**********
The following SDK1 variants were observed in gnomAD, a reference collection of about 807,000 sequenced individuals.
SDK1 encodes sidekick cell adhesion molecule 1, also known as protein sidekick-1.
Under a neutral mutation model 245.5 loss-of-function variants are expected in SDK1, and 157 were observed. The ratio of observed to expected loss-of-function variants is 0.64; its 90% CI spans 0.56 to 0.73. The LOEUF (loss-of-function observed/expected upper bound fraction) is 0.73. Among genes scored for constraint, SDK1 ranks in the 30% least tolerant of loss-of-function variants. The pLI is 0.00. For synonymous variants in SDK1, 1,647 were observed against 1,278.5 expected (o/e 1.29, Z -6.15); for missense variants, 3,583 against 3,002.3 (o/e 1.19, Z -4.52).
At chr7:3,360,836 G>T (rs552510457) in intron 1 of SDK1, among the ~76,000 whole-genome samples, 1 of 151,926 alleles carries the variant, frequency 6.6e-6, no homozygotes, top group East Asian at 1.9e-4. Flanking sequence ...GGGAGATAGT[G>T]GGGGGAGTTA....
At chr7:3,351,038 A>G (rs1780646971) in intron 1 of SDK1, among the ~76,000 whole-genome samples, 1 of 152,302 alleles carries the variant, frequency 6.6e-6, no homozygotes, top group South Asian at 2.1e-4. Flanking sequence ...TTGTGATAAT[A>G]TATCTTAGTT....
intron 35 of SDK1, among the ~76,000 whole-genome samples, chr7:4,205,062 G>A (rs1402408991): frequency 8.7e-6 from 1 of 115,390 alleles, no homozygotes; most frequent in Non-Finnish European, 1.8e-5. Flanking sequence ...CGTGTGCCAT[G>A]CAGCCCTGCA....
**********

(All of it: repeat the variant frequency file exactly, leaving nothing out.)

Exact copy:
The following SDK1 variants were observed in gnomAD, a reference collection of about 807,000 sequenced individuals.
SDK1 encodes sidekick cell adhesion molecule 1, also known as protein sidekick-1.
Under a neutral mutation model 245.5 loss-of-function variants are expected in SDK1, and 157 were observed. The ratio of observed to expected loss-of-function variants is 0.64; its 90% CI spans 0.56 to 0.73. The LOEUF (loss-of-function observed/expected upper bound fraction) is 0.73. Among genes scored for constraint, SDK1 ranks in the 30% least tolerant of loss-of-function variants. The pLI is 0.00. For synonymous variants in SDK1, 1,647 were observed against 1,278.5 expected (o/e 1.29, Z -6.15); for missense variants, 3,583 against 3,002.3 (o/e 1.19, Z -4.52).
At chr7:3,360,836 G>T (rs552510457) in intron 1 of SDK1, among the ~76,000 whole-genome samples, 1 of 151,926 alleles carries the variant, frequency 6.6e-6, no homozygotes, top group East Asian at 1.9e-4. Flanking sequence ...GGGAGATAGT[G>T]GGGGGAGTTA....
At chr7:3,351,038 A>G (rs1780646971) in intron 1 of SDK1, among the ~76,000 whole-genome samples, 1 of 152,302 alleles carries the variant, frequency 6.6e-6, no homozygotes, top group South Asian at 2.1e-4. Flanking sequence ...TTGTGATAAT[A>G]TATCTTAGTT....
intron 35 of SDK1, among the ~76,000 whole-genome samples, chr7:4,205,062 G>A (rs1402408991): frequency 8.7e-6 from 1 of 115,390 alleles, no homozygotes; most frequent in Non-Finnish European, 1.8e-5. Flanking sequence ...CGTGTGCCAT[G>A]CAGCCCTGCA....